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SBUSD School Board Approves Earthquake Evaluation to Assess Many Potentially Unsafe Buildings

The South Bay Union School District has nearly 100 structures whose performance in earthquakes may be considered questionable.

The board of trustees voted to approve a request for proposals to carry out seismic safety studies on district buildings.

Assistant Superintendent Abby Saadat told the board the tests are a state mandate.

“In 1999 the State Assembly passed Assembly Bill 300 which requires the Department of General Services to conduct a survey of all K-12 buildings constructed before 1976 and report back on conditions of buildings and their seismic safety,” he said.

The DGS put nearly 10,000 buildings that fit this criteria into two categories: Category 1 for buildings expected to perform well and Category 2 for buildings not expected to perform well. 

The district said it currently has 98 possible Category 2 structures. A 2002 DGS report found that 14 percent of the total square footage of California public schools could be considered in Category 2.

Analysis by voiceofsandiego.org and KPBS found that SBUSD buildings make up roughly half of all questionable buildings countywide.

Board President Chris Brown and trustee Nick Inzunza expressed concerns about how the assessment will be funded. Inzunza pointed out that the district was already aware that many of the district's buildings would not pass inspection.

“The state isn’t giving us any money to fund this, and you’re saying that this is going to cost us between $80,000 and $400,000 depending on how long the evaluations take,” Brown said, who asked if grant funding might be available.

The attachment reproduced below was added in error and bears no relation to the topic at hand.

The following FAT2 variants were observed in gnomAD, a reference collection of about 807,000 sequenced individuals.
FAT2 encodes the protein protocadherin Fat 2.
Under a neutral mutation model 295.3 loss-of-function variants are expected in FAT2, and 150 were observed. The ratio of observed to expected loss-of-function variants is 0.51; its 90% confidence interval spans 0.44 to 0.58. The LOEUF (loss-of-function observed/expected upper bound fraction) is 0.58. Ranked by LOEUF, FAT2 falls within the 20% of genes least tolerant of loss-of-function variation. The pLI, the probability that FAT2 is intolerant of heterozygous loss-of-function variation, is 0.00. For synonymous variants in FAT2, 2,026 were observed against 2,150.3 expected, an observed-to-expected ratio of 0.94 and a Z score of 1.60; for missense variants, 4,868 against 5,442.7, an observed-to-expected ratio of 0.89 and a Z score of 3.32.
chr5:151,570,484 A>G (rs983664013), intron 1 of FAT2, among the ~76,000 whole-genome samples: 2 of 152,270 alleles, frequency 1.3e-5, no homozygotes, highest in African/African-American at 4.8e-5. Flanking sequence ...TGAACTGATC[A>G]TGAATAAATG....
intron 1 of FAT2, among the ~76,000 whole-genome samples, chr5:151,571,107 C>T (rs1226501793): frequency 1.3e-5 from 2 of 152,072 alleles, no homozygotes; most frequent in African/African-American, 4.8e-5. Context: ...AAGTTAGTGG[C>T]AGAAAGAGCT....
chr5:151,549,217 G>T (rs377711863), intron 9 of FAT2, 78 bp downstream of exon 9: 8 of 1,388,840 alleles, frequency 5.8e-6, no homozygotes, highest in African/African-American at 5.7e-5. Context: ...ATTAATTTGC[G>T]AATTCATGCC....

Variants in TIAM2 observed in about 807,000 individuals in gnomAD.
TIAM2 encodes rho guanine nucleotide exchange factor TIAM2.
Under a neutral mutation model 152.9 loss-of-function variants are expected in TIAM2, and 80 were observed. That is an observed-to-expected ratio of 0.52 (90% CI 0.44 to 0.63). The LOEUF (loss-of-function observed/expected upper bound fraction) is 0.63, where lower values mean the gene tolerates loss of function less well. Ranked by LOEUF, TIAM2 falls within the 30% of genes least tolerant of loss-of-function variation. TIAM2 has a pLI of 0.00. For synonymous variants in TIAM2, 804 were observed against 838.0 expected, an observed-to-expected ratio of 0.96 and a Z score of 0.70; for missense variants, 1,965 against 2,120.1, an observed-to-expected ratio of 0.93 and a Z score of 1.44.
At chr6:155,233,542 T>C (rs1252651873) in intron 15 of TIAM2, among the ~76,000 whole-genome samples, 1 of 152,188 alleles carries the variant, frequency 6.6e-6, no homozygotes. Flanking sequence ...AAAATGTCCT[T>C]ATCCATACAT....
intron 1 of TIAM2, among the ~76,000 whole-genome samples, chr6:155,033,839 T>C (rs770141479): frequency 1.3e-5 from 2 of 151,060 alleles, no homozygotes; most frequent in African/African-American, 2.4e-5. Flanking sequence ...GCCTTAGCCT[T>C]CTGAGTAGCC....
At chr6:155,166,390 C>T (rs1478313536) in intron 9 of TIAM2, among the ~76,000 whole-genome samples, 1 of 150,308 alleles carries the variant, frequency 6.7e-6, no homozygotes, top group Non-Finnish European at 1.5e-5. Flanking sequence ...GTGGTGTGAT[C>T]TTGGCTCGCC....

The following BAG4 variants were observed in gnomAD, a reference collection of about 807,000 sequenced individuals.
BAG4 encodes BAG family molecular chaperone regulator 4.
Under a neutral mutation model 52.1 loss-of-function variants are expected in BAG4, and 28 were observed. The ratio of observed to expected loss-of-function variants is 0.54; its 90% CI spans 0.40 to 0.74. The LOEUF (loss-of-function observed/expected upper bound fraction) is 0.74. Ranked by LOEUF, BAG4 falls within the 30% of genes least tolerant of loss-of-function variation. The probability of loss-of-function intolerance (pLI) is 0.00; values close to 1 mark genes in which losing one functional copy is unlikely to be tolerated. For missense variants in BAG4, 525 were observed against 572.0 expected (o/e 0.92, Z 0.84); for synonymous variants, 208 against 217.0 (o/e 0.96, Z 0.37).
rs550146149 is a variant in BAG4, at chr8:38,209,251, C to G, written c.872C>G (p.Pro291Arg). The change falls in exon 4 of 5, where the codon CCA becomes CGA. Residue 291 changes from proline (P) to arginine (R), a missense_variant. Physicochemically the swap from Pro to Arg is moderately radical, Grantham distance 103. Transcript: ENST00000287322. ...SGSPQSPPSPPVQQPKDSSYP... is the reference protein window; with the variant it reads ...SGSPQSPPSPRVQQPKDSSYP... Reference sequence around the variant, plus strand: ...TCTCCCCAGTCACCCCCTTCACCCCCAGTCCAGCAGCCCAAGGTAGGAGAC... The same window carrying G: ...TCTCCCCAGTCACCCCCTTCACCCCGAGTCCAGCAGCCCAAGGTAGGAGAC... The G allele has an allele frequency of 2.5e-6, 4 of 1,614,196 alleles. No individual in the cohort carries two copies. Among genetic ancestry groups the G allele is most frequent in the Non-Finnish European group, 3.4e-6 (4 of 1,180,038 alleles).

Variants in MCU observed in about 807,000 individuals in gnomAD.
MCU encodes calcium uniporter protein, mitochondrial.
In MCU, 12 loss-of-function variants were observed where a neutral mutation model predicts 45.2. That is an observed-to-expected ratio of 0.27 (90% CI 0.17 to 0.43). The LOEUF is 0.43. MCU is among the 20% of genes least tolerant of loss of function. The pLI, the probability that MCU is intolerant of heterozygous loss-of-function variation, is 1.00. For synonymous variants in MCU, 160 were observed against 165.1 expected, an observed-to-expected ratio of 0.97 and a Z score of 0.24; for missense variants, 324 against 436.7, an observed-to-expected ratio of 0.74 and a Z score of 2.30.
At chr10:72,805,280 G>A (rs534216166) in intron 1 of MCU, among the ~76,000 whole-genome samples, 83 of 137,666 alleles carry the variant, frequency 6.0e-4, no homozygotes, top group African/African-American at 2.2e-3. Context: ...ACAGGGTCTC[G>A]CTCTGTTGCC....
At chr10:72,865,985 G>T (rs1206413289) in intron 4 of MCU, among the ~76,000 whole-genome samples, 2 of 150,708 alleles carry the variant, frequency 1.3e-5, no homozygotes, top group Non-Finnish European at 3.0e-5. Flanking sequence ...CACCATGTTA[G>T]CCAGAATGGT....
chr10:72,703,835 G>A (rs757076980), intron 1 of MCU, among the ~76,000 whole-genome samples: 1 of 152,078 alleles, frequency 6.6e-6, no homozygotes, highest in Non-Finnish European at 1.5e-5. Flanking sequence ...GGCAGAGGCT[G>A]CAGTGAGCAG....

“We already know that most of the buildings aren’t going to pass,” Inzunza said. “We've been told. Why do we need to have an inspector to come out and pay them a half million dollars to have a guy tell us something we already know?”

Saadat agreed that while spending the money would be difficult, it is a state mandate. If funding to help offset the cost of the study was available, he said, the district would apply for it.

District Superintendent Carol Parish asked what would happen if the inspections did not take place.

“I don’t know what the consequences would be for not complying, but I’m pretty sure there would be consequences regarding future projects,” Saadat said. “Would they shut down buildings if we don’t? I don’t think so. But there would likely be future problems when it comes to building improvements or modernizations.”

The measure to initiate a request for proposals process was passed.

To read more about earthquakes and public schools visit California Watch.

Among other matters discussed at the meeting, principal Patricia Valdivia talked about gains in the improvement of student academic achievement.

“In the 2009-2010 school year we had a nice 15-point gain in academic performance index scoring,” Valdivia said. “We’re very proud of the work we’ve done and it’s showing in our results. We have had gains every year for the past five years and we will continue to collaborate and to implement additional instructional practices to help get our students ready for college.”

Students from also took to the podium to thank board members for providing microscopes and laptop computers to students.

“Shortly after the last meeting when we talked about the need for microscopes we received them and are now using them to study cells,” said student Julia Speer. “And we wanted to thank you for making the laptops happen. We have been told we will be getting them soon.”

The next scheduled school board meeting will take place on Dec. 8 at 6 p.m.

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